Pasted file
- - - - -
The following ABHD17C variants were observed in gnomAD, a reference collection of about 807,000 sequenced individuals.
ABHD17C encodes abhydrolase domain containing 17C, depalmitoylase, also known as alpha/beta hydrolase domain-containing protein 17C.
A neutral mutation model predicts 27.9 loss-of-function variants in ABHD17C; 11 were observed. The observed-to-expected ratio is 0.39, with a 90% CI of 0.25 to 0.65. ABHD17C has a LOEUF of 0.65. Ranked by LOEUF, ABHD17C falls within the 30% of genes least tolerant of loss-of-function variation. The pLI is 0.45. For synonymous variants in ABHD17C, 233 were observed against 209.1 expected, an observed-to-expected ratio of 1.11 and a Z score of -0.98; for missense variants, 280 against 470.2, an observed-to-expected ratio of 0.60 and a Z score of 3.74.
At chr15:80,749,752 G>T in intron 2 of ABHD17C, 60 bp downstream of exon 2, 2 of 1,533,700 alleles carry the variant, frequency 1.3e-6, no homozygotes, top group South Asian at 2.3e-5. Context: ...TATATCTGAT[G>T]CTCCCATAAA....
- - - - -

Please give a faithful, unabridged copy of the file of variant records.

The following ABHD17C variants were observed in gnomAD, a reference collection of about 807,000 sequenced individuals.
ABHD17C encodes abhydrolase domain containing 17C, depalmitoylase, also known as alpha/beta hydrolase domain-containing protein 17C.
A neutral mutation model predicts 27.9 loss-of-function variants in ABHD17C; 11 were observed. The observed-to-expected ratio is 0.39, with a 90% CI of 0.25 to 0.65. ABHD17C has a LOEUF of 0.65. Ranked by LOEUF, ABHD17C falls within the 30% of genes least tolerant of loss-of-function variation. The pLI is 0.45. For synonymous variants in ABHD17C, 233 were observed against 209.1 expected, an observed-to-expected ratio of 1.11 and a Z score of -0.98; for missense variants, 280 against 470.2, an observed-to-expected ratio of 0.60 and a Z score of 3.74.
At chr15:80,749,752 G>T in intron 2 of ABHD17C, 60 bp downstream of exon 2, 2 of 1,533,700 alleles carry the variant, frequency 1.3e-6, no homozygotes, top group South Asian at 2.3e-5. Context: ...TATATCTGAT[G>T]CTCCCATAAA....